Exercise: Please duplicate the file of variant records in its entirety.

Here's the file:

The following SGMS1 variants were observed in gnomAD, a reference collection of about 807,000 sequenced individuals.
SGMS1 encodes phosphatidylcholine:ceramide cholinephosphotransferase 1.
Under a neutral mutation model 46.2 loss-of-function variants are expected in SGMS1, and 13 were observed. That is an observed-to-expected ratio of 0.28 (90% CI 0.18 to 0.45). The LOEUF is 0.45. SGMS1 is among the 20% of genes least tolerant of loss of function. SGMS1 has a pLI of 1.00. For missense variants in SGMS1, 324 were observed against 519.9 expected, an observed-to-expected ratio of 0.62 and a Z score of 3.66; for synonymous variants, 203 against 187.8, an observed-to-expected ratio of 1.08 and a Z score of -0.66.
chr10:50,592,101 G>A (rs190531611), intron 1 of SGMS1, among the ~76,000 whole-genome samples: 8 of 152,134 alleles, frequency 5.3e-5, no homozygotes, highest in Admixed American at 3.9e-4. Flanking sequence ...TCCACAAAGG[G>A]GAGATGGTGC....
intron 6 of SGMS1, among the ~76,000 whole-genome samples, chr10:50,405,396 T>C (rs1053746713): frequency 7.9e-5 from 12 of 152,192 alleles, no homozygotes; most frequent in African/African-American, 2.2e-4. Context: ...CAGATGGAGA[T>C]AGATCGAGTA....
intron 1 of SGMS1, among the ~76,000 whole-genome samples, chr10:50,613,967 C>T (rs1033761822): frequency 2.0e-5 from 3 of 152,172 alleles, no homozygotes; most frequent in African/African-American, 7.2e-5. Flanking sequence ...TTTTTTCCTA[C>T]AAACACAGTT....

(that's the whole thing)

The following SGMS1 variants were observed in gnomAD, a reference collection of about 807,000 sequenced individuals.
SGMS1 encodes phosphatidylcholine:ceramide cholinephosphotransferase 1.
Under a neutral mutation model 46.2 loss-of-function variants are expected in SGMS1, and 13 were observed. That is an observed-to-expected ratio of 0.28 (90% CI 0.18 to 0.45). The LOEUF is 0.45. SGMS1 is among the 20% of genes least tolerant of loss of function. SGMS1 has a pLI of 1.00. For missense variants in SGMS1, 324 were observed against 519.9 expected, an observed-to-expected ratio of 0.62 and a Z score of 3.66; for synonymous variants, 203 against 187.8, an observed-to-expected ratio of 1.08 and a Z score of -0.66.
chr10:50,592,101 G>A (rs190531611), intron 1 of SGMS1, among the ~76,000 whole-genome samples: 8 of 152,134 alleles, frequency 5.3e-5, no homozygotes, highest in Admixed American at 3.9e-4. Flanking sequence ...TCCACAAAGG[G>A]GAGATGGTGC....
intron 6 of SGMS1, among the ~76,000 whole-genome samples, chr10:50,405,396 T>C (rs1053746713): frequency 7.9e-5 from 12 of 152,192 alleles, no homozygotes; most frequent in African/African-American, 2.2e-4. Context: ...CAGATGGAGA[T>C]AGATCGAGTA....
intron 1 of SGMS1, among the ~76,000 whole-genome samples, chr10:50,613,967 C>T (rs1033761822): frequency 2.0e-5 from 3 of 152,172 alleles, no homozygotes; most frequent in African/African-American, 7.2e-5. Flanking sequence ...TTTTTTCCTA[C>T]AAACACAGTT....